Poets speaking up to Adani – Bonny Cassidy

 

DIG

 

In the pan your gravels crashing hatched their prize—

a brindle rush to hump my veins and fever up the leaf

that twisted in our fields. The guilt was white, my soul a sieve.

It boomed with bull to see the dust an avenue of spin—

and my brickhouse hazy as a reef, its aura built to scale.

I seemed to tap its skin.

Birth was the pits but this is mine. Rabbits swimming to shake my mitts.

 

 

 

Nightwork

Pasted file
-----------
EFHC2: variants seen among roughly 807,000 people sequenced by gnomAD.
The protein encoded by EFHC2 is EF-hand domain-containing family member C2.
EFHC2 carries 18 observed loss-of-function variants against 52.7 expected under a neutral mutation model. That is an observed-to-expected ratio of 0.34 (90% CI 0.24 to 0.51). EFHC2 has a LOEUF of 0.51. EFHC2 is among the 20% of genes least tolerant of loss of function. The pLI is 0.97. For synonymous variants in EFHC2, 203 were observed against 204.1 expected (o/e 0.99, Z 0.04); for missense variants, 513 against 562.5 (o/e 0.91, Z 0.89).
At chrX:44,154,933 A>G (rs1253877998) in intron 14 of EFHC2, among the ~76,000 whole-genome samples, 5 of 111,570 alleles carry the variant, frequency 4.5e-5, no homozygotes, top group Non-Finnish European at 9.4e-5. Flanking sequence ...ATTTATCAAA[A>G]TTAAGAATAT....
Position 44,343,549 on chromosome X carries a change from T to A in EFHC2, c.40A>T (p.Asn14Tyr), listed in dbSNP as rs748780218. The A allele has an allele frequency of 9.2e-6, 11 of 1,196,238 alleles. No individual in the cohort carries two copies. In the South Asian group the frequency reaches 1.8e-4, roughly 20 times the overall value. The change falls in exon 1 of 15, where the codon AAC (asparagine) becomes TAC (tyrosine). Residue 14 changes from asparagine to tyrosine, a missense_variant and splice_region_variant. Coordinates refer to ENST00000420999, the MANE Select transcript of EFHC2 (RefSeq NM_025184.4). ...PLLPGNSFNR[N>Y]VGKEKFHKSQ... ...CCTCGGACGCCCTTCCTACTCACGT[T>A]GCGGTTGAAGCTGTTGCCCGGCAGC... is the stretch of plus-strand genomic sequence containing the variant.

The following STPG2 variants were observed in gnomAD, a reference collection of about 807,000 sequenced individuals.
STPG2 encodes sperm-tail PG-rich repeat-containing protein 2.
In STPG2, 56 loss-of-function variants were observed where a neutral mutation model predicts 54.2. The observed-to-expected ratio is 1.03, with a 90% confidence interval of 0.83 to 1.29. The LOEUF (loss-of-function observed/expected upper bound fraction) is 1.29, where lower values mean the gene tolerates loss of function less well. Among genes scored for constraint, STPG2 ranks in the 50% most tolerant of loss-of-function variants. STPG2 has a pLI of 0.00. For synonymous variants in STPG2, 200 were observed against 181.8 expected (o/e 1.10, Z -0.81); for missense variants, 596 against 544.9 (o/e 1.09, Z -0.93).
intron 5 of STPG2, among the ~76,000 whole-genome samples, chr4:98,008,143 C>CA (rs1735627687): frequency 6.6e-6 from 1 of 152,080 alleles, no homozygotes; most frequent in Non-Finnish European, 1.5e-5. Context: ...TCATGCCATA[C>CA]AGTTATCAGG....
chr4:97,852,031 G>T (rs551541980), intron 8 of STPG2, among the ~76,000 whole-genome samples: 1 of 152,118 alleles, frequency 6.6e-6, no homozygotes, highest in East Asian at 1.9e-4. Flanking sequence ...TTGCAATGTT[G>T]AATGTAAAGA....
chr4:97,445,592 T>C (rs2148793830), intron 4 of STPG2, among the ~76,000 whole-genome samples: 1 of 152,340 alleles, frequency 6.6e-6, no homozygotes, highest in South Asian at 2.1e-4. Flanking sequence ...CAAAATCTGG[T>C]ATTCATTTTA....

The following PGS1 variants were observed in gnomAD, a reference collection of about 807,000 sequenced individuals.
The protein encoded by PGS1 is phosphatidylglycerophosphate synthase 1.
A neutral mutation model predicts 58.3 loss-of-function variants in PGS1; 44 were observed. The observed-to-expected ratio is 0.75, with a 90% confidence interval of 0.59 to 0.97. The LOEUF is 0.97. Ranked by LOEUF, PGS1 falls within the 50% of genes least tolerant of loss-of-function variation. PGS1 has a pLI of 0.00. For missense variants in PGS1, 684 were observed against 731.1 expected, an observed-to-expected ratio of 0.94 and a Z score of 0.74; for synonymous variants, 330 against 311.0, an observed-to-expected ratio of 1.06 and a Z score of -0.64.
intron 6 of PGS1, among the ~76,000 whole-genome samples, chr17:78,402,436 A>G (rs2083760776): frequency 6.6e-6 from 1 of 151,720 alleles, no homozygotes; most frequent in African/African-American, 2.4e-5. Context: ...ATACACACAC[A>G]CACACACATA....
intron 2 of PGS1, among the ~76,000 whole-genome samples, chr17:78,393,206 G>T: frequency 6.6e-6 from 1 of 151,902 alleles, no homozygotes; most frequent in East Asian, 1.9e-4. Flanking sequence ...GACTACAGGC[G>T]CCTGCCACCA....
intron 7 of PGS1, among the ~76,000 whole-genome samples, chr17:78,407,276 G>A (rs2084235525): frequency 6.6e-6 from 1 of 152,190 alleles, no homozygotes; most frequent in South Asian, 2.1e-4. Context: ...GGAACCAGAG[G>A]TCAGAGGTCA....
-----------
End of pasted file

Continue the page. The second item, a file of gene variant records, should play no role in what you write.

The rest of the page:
A conveyor belt reaping into action, cries

 

rubbish rocks rubbish rocks

 

breaks up floodlight, its flesh

a stingray covered, uncovered.

 

Pandanus leans

magic, enters the bulldozer

rearing

its tyres dissolve

 

as from the rocks and rubbish

the camera conveys

 

one kid

naked and furiously sweeping

a path through reeds, pandanus

shaken

entranced

 

by the trucks and manganese

at her feet.

 

The old men spin like tyres covered, uncovered.

 

It’s the sixties, then it isn’t.

 

 

Bonny Cassidy

 

From Chatelaine (Giramondo, 2017). ‘DIG’ was first published in Blackbox Manifold Issue 14. ‘Nightwork’ was first published in Cordite Poetry Review Issue 44.

 

 

 

 

Photos in collage from: CSIRO CC BY 3.0 (http://creativecommons.org/licenses/by/3.0) via Wikimedia Commons

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